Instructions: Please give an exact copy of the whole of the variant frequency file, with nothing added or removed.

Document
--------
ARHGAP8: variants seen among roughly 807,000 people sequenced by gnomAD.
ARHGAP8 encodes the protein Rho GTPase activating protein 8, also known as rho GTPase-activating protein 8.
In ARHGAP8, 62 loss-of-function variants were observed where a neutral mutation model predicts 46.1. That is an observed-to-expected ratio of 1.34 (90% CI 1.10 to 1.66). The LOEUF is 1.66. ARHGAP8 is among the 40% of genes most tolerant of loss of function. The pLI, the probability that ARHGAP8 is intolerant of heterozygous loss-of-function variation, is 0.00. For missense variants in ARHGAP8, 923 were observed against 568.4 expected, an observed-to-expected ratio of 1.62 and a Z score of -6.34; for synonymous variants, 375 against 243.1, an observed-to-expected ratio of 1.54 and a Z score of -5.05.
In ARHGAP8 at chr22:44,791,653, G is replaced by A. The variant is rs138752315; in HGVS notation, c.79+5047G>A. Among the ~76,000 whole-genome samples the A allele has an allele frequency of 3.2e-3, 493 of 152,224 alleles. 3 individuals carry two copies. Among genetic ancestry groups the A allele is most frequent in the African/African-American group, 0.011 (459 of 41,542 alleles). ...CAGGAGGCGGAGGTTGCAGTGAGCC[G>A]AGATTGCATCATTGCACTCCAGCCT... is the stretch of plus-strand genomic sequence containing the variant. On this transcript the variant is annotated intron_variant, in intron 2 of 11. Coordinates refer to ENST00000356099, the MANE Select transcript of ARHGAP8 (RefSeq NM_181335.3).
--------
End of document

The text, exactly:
ARHGAP8: variants seen among roughly 807,000 people sequenced by gnomAD.
ARHGAP8 encodes the protein Rho GTPase activating protein 8, also known as rho GTPase-activating protein 8.
In ARHGAP8, 62 loss-of-function variants were observed where a neutral mutation model predicts 46.1. That is an observed-to-expected ratio of 1.34 (90% CI 1.10 to 1.66). The LOEUF is 1.66. ARHGAP8 is among the 40% of genes most tolerant of loss of function. The pLI, the probability that ARHGAP8 is intolerant of heterozygous loss-of-function variation, is 0.00. For missense variants in ARHGAP8, 923 were observed against 568.4 expected, an observed-to-expected ratio of 1.62 and a Z score of -6.34; for synonymous variants, 375 against 243.1, an observed-to-expected ratio of 1.54 and a Z score of -5.05.
In ARHGAP8 at chr22:44,791,653, G is replaced by A. The variant is rs138752315; in HGVS notation, c.79+5047G>A. Among the ~76,000 whole-genome samples the A allele has an allele frequency of 3.2e-3, 493 of 152,224 alleles. 3 individuals carry two copies. Among genetic ancestry groups the A allele is most frequent in the African/African-American group, 0.011 (459 of 41,542 alleles). ...CAGGAGGCGGAGGTTGCAGTGAGCC[G>A]AGATTGCATCATTGCACTCCAGCCT... is the stretch of plus-strand genomic sequence containing the variant. On this transcript the variant is annotated intron_variant, in intron 2 of 11. Coordinates refer to ENST00000356099, the MANE Select transcript of ARHGAP8 (RefSeq NM_181335.3).